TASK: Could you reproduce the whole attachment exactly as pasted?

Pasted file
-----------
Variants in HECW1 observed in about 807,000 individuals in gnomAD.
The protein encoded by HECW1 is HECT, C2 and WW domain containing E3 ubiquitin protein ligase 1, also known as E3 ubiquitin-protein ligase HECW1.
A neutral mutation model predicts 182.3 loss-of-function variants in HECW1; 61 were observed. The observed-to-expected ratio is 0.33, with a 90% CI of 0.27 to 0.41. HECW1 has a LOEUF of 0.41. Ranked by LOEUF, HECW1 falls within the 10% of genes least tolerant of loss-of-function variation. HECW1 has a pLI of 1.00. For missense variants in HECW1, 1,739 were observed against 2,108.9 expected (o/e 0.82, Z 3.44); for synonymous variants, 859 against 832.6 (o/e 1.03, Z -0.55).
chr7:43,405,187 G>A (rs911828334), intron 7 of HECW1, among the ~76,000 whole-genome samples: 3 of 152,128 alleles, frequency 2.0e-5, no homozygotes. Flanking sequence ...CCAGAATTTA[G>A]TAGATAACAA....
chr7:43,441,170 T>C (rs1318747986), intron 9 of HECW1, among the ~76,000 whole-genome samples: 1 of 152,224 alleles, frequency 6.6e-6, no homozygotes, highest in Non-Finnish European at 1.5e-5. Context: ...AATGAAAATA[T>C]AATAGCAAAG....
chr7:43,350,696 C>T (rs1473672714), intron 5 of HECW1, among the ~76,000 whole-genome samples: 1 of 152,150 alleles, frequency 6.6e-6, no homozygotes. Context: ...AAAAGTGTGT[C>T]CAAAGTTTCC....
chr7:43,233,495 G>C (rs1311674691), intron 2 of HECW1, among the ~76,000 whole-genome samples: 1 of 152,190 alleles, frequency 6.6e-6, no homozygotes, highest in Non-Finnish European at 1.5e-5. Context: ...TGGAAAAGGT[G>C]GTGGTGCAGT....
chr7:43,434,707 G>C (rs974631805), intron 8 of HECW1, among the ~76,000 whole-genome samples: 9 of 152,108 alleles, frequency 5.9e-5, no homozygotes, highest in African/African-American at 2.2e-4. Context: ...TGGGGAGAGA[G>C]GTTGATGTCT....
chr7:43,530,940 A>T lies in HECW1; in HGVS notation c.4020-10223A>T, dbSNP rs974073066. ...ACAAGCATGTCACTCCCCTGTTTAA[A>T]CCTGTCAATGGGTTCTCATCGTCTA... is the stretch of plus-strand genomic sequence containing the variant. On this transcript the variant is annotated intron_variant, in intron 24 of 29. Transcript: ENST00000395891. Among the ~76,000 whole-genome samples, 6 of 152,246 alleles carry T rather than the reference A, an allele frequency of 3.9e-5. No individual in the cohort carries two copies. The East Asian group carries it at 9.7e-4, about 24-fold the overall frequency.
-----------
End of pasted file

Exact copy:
Variants in HECW1 observed in about 807,000 individuals in gnomAD.
The protein encoded by HECW1 is HECT, C2 and WW domain containing E3 ubiquitin protein ligase 1, also known as E3 ubiquitin-protein ligase HECW1.
A neutral mutation model predicts 182.3 loss-of-function variants in HECW1; 61 were observed. The observed-to-expected ratio is 0.33, with a 90% CI of 0.27 to 0.41. HECW1 has a LOEUF of 0.41. Ranked by LOEUF, HECW1 falls within the 10% of genes least tolerant of loss-of-function variation. HECW1 has a pLI of 1.00. For missense variants in HECW1, 1,739 were observed against 2,108.9 expected (o/e 0.82, Z 3.44); for synonymous variants, 859 against 832.6 (o/e 1.03, Z -0.55).
chr7:43,405,187 G>A (rs911828334), intron 7 of HECW1, among the ~76,000 whole-genome samples: 3 of 152,128 alleles, frequency 2.0e-5, no homozygotes. Flanking sequence ...CCAGAATTTA[G>A]TAGATAACAA....
chr7:43,441,170 T>C (rs1318747986), intron 9 of HECW1, among the ~76,000 whole-genome samples: 1 of 152,224 alleles, frequency 6.6e-6, no homozygotes, highest in Non-Finnish European at 1.5e-5. Context: ...AATGAAAATA[T>C]AATAGCAAAG....
chr7:43,350,696 C>T (rs1473672714), intron 5 of HECW1, among the ~76,000 whole-genome samples: 1 of 152,150 alleles, frequency 6.6e-6, no homozygotes. Context: ...AAAAGTGTGT[C>T]CAAAGTTTCC....
chr7:43,233,495 G>C (rs1311674691), intron 2 of HECW1, among the ~76,000 whole-genome samples: 1 of 152,190 alleles, frequency 6.6e-6, no homozygotes, highest in Non-Finnish European at 1.5e-5. Context: ...TGGAAAAGGT[G>C]GTGGTGCAGT....
chr7:43,434,707 G>C (rs974631805), intron 8 of HECW1, among the ~76,000 whole-genome samples: 9 of 152,108 alleles, frequency 5.9e-5, no homozygotes, highest in African/African-American at 2.2e-4. Context: ...TGGGGAGAGA[G>C]GTTGATGTCT....
chr7:43,530,940 A>T lies in HECW1; in HGVS notation c.4020-10223A>T, dbSNP rs974073066. ...ACAAGCATGTCACTCCCCTGTTTAA[A>T]CCTGTCAATGGGTTCTCATCGTCTA... is the stretch of plus-strand genomic sequence containing the variant. On this transcript the variant is annotated intron_variant, in intron 24 of 29. Transcript: ENST00000395891. Among the ~76,000 whole-genome samples, 6 of 152,246 alleles carry T rather than the reference A, an allele frequency of 3.9e-5. No individual in the cohort carries two copies. The East Asian group carries it at 9.7e-4, about 24-fold the overall frequency.